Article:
But her attempts to keep her private life private have unravelled, with details of a bitter family fight now public.
Never has so little been known about such a high profile person - the richest person in Australia and the richest woman in Asia.
Yet all that money has seemingly not brought her happiness. Gina Rinehart has four children from two marriages. Three of those children want to see her removed as Trustee over the family's billions.More stories from Today Tonight
“Today's public release of emails between mother and children reveals one truism that trumps cash,” Tim Treadgold, a resources journalist who has met and interviewed Rinehart several times over the years, said.
Gina Rinehart's mother died of breast cancer in 1983. John and Bianca are her children from her first marriage, to an Englishman named Greg Milton Her second marriage, to an older American corporate lawyer, produced two more children - Hope and Ginia.
Ginia is the only child standing by her mother in a bitter battle over control of the Hancock Family Trust.
“There's a very strange relationship between mother and children. It seems to vary from year to year, who the favoured child is. There's one at the top of the tree at the moment. That goes to the personality of the mother and the children,” Treadgold said.
“She sued her former stepmother; her father's long-time business partner - Peter Wright; and she's got litigation with three of her four adult children now,” Stephen Mayne, media analyst and founder of Crikey, said.
According to Meyne, Rinehart has exceeded expectations, despite her privileged beginnings.
“Gina Rinehart inherited an annual royalties stream from Rio Tinto for around $30 million a year. That's been rising with the mining boom, and that was the start of her wealth,” Meyne said.
“She lived in the Pilbara in Wittenoom. She sat on her father's knee from a very young time, so very much her father - Lang Hancock - taught her about the mining game.”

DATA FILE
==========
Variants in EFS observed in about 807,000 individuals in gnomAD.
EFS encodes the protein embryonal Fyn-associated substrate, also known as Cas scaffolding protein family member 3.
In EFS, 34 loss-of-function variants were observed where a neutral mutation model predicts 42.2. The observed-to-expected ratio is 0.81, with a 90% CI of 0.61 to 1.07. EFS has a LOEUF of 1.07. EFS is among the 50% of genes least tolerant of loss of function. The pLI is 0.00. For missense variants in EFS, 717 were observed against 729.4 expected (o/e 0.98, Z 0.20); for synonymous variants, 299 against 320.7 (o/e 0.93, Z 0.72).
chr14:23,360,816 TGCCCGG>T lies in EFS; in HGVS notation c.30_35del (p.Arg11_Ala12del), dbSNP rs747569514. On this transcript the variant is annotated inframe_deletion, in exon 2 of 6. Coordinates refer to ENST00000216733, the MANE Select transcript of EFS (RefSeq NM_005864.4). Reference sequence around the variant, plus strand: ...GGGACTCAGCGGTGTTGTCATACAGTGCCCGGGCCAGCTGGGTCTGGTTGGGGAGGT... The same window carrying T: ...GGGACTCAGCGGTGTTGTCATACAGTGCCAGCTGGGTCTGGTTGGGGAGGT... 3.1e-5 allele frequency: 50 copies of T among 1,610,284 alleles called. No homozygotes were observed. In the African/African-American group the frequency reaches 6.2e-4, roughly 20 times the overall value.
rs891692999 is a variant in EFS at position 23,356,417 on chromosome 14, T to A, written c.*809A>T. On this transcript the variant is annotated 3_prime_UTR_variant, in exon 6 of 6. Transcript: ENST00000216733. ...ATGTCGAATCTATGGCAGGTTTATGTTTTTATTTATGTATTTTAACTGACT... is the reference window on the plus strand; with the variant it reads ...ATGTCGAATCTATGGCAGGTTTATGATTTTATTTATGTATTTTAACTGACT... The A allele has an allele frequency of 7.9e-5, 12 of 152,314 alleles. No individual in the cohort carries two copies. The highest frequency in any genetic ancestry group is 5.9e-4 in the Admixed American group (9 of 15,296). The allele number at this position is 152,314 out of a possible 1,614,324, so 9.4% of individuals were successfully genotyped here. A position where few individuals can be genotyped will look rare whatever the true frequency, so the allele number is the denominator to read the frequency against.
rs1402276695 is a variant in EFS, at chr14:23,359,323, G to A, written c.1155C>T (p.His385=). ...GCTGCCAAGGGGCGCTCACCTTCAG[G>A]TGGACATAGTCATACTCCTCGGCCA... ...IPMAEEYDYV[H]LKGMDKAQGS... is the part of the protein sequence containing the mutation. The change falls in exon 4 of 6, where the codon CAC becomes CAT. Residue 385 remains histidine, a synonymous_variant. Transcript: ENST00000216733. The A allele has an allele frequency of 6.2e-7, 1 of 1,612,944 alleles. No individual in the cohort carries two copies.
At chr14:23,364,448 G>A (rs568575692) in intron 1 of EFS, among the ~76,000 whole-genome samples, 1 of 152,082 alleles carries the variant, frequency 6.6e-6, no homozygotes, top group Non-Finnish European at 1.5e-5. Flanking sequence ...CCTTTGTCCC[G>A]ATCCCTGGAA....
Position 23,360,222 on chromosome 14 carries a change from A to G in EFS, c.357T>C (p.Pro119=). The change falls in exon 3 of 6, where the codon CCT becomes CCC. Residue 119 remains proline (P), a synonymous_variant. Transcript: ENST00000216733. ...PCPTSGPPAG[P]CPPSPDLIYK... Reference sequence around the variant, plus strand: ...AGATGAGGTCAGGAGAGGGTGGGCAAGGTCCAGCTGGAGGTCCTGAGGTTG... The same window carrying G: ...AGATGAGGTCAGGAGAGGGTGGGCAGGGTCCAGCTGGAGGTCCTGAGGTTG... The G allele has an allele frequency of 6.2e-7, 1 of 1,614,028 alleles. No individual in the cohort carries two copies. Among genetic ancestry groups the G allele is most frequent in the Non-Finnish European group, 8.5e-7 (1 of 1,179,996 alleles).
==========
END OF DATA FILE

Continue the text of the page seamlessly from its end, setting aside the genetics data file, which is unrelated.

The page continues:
According to Mayne “Gina's wealth completely depends on iron ore prices. Iron ore prices have increased almost ten-fold since 2000, but if iron ore prices suddenly crashed, then her wealth would come back to less than $10 billion. If iron ore prices continue to soar, she may well one day be worth $50 billion - if she continues to expand and open new mines.”
Iron ore magnate Lang Hancock died in 1992. Gina inherited control of Hancock Prospecting, and began an all-out war with her father's former Filipino maid-turned-wife-number-three – Rose.
“What is my greatest asset? I know how to work. And Langley always told me 'she can't even boil an egg'. I'm not putting her down, but I feel sorry for her, and for her children. She could live a better life than this,” Rose Porteous said in an interview recorded in the 1990s.
This battle of the billions is almost certainly headed for the High Court.
“She's a hugely secretive person, who doesn't want the media to mention her. But bizarrely she buys into media companies, which creates a huge amount of attention for her,” Mayne said.
As Rinehart's wealth grows, so does her profile, and not just here. She is widely tipped to become the richest person on the planet - a lofty height with a view of the entire world, and they of her.
“She's going to be annoyed more and more by people like you and me talking about her, and she sits back and refuses to give interviews. People want to know more about her, and they deserve to know more about her, and at some point she's going to have to break cover,” Treadgold concluded.
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